ST. PAUL — “I’m super passionate about the beef industry. I love talking to the public, telling them the incredible story of agriculture.” Speaking is Haley Mouser, a 16-year old high school sophomore at Tenstrike, Minn., way up there about 20 miles northeast of Bemidji in Beltrami County. Yes, this is Minnesota lake country, but also a few pockets of beef production too. And Mouser is the beef spokesperson I had the pleasure of talking with at the Minnesota Beef Expo Oct 18.
So my opening question to this delightful young lady was: “How did you get involved in the beef industry?”
“About seven years back, my parents got their first four Herefords for our first-generation farm. The next year my older brother (two years older) got his first show heifer. Two years later I got mine and I’ve been hooked ever since,” smiled Mouser. “The more I’ve learned about the beef business, the more my passion has kept growing. I love the industry. I now have five cows and three heifers.”
So this next logical question: “When you get older and decide to get married, then what happens to these wonderful Hereford animals?” Bingo. She quickly responded, “Wherever I go, they go.”
So what’s ahead? “I love public presentations and talking about agriculture — particularly the beef industry. If that takes me into ag communications, or ag lobbying, I’m not quite sure at this stage.”
Are meatless meats going to be around forever because they are consumer driven? After just a brief hesitation, Mouser answered, “Yes, they might be around forever, but I do not believe they will have a huge impact on the beef industry because when you get down to the basics, no one can replicate true beef! Last night at the exhibitor/sponsor dinner, Dr. Ryan Cox, University of Minnesota, talked about two imitations: the Impossible Burger and the Beyond Meat Burger plus real beef burgers. Then about 30 of us volunteered to be blindfolded and each got to taste bite each of the three burgers. There was no comparison. I could easily tell the real meat burger. The texture and the flavor of the real burger was just perfect.”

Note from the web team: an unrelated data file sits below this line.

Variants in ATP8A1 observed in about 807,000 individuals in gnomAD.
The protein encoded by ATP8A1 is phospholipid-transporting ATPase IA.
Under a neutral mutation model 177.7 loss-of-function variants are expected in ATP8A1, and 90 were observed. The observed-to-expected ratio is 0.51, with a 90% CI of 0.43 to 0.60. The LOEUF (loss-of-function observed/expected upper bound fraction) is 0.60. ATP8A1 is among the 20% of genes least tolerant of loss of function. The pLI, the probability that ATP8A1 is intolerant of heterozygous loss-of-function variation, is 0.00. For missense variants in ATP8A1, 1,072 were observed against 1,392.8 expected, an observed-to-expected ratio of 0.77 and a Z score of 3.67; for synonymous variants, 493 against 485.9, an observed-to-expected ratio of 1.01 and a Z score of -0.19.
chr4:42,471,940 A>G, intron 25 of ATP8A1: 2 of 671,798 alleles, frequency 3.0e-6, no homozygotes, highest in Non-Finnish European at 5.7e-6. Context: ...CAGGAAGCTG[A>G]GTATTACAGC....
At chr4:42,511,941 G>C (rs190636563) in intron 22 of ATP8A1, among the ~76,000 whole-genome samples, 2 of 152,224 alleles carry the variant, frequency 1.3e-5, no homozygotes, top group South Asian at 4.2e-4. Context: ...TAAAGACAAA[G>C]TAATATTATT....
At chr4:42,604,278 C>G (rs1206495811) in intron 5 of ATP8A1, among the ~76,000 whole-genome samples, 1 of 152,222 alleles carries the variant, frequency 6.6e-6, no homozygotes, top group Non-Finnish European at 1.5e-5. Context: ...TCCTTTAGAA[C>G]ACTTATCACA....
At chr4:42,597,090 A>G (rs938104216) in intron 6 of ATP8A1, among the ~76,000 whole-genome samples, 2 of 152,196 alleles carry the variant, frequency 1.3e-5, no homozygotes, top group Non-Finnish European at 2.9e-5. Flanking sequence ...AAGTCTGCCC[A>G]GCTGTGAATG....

Might this delightful young country gal become a college professor? “Yes, an intriguing thought, but still far down the road,” Mouser admitted. “I’ve visited Kansas State, Colorado State and Nebraska. Those are my top three at this stage. I’ve met several people within the Hereford industry. This past July I participated in the ‘Faces of Leadership’ tour in Lincoln, Neb. I met several junior board members of the Junior Hereford Association. They recommended highly Kansas State.”
What tributes and awards are you most proud of in your young life?
“First would be winning a MYBEP (Minnesota Youth Beef Expo Program) Heifer in 2017,” Mouser said. “That program really motivated me for further ambitions. I was awarded a Hereford heifer donated by a great family — Gerald and McKinley Flower, (Gregory Feed Lots, Tabor, Iowa). I’ve had a great relationship with them and have learned so much from them. They’ve been great mentors for me.